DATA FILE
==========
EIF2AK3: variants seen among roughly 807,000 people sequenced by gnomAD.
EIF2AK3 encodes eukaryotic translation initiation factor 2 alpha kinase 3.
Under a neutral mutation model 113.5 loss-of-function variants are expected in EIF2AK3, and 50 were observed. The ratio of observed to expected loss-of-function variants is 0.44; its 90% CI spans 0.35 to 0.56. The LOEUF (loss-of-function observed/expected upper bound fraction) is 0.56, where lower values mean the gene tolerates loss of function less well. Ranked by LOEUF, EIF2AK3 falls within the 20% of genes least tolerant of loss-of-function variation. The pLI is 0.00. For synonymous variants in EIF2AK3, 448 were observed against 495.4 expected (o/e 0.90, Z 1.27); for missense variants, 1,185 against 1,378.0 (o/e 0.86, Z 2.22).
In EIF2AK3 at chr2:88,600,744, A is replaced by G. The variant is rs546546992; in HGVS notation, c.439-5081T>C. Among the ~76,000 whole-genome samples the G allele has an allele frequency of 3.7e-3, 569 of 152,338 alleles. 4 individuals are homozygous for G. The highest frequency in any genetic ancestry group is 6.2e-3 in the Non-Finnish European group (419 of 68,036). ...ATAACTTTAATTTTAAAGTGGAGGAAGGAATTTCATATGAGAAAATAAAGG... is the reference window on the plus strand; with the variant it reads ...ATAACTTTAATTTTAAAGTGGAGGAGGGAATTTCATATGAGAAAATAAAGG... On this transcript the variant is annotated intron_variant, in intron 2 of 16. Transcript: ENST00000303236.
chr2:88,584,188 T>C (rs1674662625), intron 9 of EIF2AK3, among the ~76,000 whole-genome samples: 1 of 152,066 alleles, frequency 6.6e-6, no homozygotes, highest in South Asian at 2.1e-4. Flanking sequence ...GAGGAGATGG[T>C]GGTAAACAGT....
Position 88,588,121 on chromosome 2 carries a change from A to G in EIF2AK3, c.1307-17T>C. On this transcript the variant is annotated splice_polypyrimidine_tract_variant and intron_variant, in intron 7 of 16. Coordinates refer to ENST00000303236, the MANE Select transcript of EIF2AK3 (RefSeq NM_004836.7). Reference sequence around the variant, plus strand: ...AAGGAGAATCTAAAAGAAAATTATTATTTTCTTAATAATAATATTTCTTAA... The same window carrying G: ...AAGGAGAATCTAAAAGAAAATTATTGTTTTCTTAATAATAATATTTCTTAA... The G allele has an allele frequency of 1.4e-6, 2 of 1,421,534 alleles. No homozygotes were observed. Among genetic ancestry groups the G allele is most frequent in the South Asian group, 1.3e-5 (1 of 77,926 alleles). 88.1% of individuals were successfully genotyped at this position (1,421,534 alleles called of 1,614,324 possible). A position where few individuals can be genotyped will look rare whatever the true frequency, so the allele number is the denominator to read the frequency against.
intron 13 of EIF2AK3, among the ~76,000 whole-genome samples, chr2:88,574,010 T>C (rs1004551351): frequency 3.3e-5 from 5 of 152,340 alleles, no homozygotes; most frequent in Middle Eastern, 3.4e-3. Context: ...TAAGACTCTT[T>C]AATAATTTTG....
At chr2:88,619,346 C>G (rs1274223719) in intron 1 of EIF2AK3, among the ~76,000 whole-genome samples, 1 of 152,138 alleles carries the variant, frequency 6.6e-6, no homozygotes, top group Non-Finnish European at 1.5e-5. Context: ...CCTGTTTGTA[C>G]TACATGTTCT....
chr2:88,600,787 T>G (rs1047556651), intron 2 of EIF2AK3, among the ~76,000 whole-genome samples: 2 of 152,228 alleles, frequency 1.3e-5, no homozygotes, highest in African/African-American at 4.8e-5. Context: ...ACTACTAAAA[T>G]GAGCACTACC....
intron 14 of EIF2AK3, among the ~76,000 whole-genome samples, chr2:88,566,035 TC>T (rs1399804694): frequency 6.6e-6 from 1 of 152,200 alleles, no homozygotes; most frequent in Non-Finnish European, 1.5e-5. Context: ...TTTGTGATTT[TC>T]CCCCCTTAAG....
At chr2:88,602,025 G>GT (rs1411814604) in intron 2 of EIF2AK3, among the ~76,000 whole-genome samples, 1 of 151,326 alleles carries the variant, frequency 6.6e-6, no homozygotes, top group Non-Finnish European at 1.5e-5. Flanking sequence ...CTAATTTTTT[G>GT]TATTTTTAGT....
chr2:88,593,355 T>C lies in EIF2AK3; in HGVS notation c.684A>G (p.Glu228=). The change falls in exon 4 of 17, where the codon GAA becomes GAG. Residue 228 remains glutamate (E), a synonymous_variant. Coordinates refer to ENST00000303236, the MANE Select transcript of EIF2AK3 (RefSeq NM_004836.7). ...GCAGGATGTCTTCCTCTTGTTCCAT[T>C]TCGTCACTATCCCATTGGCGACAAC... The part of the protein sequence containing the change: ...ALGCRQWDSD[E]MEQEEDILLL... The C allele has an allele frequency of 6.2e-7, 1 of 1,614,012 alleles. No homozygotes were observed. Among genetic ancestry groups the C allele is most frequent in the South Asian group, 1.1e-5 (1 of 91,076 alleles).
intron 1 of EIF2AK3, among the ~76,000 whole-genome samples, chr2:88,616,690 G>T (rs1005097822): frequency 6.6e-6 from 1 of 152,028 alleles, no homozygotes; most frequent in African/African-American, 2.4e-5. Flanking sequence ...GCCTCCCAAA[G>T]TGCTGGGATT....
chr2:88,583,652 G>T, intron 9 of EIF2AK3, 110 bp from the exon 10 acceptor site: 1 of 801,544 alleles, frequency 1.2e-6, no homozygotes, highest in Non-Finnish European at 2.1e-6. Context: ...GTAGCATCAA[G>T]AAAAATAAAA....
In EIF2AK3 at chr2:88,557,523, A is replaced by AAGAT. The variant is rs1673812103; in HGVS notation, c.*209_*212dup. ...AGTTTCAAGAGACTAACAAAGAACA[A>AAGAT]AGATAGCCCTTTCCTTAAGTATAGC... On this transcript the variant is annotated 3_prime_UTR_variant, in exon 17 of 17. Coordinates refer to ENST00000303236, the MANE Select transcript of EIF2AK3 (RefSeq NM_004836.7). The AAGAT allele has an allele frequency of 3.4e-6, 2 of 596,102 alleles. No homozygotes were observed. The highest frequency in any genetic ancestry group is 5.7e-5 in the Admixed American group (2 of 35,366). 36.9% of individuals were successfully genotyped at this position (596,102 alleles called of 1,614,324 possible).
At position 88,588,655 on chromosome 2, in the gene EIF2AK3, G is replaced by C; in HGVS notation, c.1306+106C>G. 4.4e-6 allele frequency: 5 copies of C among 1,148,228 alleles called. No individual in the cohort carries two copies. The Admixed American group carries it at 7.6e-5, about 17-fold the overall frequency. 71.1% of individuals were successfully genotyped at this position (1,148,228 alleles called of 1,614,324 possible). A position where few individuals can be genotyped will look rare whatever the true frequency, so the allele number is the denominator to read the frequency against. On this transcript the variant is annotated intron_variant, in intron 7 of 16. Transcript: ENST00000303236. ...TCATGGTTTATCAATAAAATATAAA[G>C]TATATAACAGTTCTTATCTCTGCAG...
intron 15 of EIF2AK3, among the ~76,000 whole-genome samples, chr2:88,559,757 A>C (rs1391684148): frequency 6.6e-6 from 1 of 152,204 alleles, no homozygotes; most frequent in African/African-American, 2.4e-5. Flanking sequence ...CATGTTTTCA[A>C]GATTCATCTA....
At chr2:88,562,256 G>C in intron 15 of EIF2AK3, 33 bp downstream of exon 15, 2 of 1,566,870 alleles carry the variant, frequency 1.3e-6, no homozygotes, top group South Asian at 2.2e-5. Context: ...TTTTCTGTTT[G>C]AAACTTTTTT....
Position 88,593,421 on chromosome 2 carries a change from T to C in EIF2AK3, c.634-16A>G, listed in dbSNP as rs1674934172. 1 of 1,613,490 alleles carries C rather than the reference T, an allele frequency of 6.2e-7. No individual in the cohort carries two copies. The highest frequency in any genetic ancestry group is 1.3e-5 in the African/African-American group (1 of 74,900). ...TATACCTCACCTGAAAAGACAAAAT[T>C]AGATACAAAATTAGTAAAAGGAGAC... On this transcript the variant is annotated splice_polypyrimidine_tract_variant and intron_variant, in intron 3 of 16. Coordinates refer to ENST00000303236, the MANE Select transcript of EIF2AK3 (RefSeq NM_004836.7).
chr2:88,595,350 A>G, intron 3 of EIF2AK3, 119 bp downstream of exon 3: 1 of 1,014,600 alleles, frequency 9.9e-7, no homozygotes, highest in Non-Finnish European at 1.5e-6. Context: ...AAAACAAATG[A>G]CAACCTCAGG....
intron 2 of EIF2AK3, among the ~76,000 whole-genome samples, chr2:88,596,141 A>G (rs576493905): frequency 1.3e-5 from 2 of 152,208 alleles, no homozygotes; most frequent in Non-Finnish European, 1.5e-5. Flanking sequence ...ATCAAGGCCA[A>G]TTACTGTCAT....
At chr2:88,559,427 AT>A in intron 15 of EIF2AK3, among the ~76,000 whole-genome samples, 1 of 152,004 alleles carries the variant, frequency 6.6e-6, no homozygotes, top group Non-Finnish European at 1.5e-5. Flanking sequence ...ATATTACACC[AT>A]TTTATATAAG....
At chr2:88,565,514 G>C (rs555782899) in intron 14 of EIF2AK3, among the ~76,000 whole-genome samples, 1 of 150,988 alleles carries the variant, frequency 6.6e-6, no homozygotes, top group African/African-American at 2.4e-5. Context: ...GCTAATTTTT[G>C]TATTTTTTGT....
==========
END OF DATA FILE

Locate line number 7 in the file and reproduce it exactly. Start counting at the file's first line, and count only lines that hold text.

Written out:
intron 13 of EIF2AK3, among the ~76,000 whole-genome samples, chr2:88,574,010 T>C (rs1004551351): frequency 3.3e-5 from 5 of 152,340 alleles, no homozygotes; most frequent in Middle Eastern, 3.4e-3. Context: ...TAAGACTCTT[T>C]AATAATTTTG....